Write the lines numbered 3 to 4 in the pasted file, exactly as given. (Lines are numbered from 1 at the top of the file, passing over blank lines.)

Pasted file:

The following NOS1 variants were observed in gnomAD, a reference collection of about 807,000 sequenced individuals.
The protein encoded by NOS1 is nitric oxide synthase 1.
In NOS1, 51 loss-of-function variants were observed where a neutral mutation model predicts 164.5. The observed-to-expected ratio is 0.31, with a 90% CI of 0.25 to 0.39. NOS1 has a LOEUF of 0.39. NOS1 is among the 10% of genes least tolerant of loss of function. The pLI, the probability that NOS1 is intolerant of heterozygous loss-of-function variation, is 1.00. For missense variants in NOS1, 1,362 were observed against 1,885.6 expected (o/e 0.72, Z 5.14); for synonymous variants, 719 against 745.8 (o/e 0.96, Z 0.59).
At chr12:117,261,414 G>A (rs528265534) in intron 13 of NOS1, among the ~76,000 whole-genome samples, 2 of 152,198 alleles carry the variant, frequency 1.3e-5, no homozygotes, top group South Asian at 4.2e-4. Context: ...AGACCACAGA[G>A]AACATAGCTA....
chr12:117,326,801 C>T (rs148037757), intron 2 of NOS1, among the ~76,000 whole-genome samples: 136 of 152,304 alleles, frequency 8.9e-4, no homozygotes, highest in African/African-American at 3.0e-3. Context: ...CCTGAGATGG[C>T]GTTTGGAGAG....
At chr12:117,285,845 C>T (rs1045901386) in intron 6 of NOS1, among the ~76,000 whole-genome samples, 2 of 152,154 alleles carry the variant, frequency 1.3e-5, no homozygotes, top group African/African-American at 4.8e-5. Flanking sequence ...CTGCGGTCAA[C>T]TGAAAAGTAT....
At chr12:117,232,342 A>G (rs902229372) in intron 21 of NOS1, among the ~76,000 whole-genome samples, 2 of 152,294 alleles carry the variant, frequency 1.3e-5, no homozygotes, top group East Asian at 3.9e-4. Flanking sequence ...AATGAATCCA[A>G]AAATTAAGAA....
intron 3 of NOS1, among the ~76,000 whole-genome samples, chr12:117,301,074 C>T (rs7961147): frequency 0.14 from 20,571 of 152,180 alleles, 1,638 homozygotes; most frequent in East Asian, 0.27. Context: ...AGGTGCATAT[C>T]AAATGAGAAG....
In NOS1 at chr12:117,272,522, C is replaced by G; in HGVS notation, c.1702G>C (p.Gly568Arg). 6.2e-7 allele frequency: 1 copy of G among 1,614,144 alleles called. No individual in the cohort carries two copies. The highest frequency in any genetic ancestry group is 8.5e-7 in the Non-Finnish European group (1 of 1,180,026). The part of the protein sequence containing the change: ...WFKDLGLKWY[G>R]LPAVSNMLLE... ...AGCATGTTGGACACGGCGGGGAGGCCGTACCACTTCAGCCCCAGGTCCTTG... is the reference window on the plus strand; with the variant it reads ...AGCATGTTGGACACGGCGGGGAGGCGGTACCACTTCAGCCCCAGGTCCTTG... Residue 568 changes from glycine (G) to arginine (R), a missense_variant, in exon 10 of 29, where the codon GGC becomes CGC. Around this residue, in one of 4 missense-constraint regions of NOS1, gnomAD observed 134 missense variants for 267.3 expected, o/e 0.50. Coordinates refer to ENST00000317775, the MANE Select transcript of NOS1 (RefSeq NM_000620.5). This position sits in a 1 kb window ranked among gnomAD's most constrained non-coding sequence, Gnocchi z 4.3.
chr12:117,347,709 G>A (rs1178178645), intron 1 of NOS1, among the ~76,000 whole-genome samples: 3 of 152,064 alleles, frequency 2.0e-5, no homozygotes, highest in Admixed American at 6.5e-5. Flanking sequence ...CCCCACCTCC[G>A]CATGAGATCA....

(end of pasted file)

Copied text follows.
In NOS1, 51 loss-of-function variants were observed where a neutral mutation model predicts 164.5. The observed-to-expected ratio is 0.31, with a 90% CI of 0.25 to 0.39. NOS1 has a LOEUF of 0.39. NOS1 is among the 10% of genes least tolerant of loss of function. The pLI, the probability that NOS1 is intolerant of heterozygous loss-of-function variation, is 1.00. For missense variants in NOS1, 1,362 were observed against 1,885.6 expected (o/e 0.72, Z 5.14); for synonymous variants, 719 against 745.8 (o/e 0.96, Z 0.59).
At chr12:117,261,414 G>A (rs528265534) in intron 13 of NOS1, among the ~76,000 whole-genome samples, 2 of 152,198 alleles carry the variant, frequency 1.3e-5, no homozygotes, top group South Asian at 4.2e-4. Context: ...AGACCACAGA[G>A]AACATAGCTA....